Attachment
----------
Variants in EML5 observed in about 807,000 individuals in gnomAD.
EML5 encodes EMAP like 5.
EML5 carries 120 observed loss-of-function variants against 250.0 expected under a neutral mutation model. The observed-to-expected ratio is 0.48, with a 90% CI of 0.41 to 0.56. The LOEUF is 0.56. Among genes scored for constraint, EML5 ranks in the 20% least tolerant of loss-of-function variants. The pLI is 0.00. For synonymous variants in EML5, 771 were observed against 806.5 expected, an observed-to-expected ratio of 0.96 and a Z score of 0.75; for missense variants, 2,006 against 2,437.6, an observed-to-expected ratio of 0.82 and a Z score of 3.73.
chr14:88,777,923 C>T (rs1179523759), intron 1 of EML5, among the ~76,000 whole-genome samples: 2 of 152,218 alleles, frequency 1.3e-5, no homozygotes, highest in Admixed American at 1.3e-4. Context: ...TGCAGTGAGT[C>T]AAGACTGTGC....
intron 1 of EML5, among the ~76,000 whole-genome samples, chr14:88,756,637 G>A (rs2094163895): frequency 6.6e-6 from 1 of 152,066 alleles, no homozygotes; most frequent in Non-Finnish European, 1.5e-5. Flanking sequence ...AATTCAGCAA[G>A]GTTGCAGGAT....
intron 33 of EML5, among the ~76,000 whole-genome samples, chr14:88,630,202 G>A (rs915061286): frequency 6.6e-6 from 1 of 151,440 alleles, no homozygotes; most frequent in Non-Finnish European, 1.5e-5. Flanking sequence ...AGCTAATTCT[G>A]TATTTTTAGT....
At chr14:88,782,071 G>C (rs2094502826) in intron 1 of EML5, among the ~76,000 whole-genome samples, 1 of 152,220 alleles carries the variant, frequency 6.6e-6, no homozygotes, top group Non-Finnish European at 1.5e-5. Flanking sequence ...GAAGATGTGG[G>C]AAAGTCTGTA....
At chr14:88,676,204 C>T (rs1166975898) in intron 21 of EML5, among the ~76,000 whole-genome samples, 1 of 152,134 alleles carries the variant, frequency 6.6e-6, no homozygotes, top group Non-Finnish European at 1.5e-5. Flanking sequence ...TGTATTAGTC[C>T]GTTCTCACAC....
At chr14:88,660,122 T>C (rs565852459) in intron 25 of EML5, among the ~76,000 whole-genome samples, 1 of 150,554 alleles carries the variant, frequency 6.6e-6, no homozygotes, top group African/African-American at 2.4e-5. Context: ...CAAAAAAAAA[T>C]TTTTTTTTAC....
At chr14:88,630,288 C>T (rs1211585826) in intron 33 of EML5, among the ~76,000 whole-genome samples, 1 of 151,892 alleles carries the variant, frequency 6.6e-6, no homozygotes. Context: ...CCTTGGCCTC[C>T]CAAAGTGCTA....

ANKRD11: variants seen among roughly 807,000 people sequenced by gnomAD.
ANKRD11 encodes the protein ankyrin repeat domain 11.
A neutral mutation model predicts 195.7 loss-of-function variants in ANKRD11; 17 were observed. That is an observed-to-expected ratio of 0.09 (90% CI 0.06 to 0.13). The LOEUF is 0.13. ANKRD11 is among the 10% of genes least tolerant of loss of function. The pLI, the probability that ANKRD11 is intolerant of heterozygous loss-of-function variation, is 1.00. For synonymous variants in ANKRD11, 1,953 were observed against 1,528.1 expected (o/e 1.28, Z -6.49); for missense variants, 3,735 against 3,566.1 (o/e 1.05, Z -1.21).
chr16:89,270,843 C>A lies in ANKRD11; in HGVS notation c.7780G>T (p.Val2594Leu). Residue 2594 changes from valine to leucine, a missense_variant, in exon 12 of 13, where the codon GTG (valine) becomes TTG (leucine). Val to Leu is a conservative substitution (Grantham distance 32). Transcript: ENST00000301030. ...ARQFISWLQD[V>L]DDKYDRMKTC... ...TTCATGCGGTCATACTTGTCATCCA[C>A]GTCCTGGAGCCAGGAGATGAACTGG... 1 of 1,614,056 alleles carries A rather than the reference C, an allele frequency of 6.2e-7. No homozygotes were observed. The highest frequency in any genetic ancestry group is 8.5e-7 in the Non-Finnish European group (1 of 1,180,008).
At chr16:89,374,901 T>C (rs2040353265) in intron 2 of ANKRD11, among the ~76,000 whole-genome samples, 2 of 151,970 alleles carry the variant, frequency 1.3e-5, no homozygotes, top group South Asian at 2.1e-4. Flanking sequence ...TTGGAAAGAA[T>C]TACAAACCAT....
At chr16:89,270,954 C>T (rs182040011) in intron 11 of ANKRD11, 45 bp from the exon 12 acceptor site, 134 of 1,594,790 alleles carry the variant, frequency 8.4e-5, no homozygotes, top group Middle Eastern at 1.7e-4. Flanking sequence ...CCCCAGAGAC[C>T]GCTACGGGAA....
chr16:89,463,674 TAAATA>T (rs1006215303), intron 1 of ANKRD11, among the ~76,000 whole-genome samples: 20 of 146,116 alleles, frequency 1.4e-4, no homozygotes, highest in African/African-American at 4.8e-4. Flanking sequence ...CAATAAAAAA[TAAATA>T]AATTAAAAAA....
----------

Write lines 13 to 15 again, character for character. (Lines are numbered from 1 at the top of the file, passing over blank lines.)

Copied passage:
A neutral mutation model predicts 195.7 loss-of-function variants in ANKRD11; 17 were observed. That is an observed-to-expected ratio of 0.09 (90% CI 0.06 to 0.13). The LOEUF is 0.13. ANKRD11 is among the 10% of genes least tolerant of loss of function. The pLI, the probability that ANKRD11 is intolerant of heterozygous loss-of-function variation, is 1.00. For synonymous variants in ANKRD11, 1,953 were observed against 1,528.1 expected (o/e 1.28, Z -6.49); for missense variants, 3,735 against 3,566.1 (o/e 1.05, Z -1.21).
chr16:89,270,843 C>A lies in ANKRD11; in HGVS notation c.7780G>T (p.Val2594Leu). Residue 2594 changes from valine to leucine, a missense_variant, in exon 12 of 13, where the codon GTG (valine) becomes TTG (leucine). Val to Leu is a conservative substitution (Grantham distance 32). Transcript: ENST00000301030. ...ARQFISWLQD[V>L]DDKYDRMKTC... ...TTCATGCGGTCATACTTGTCATCCA[C>A]GTCCTGGAGCCAGGAGATGAACTGG... 1 of 1,614,056 alleles carries A rather than the reference C, an allele frequency of 6.2e-7. No homozygotes were observed. The highest frequency in any genetic ancestry group is 8.5e-7 in the Non-Finnish European group (1 of 1,180,008).
At chr16:89,374,901 T>C (rs2040353265) in intron 2 of ANKRD11, among the ~76,000 whole-genome samples, 2 of 151,970 alleles carry the variant, frequency 1.3e-5, no homozygotes, top group South Asian at 2.1e-4. Flanking sequence ...TTGGAAAGAA[T>C]TACAAACCAT....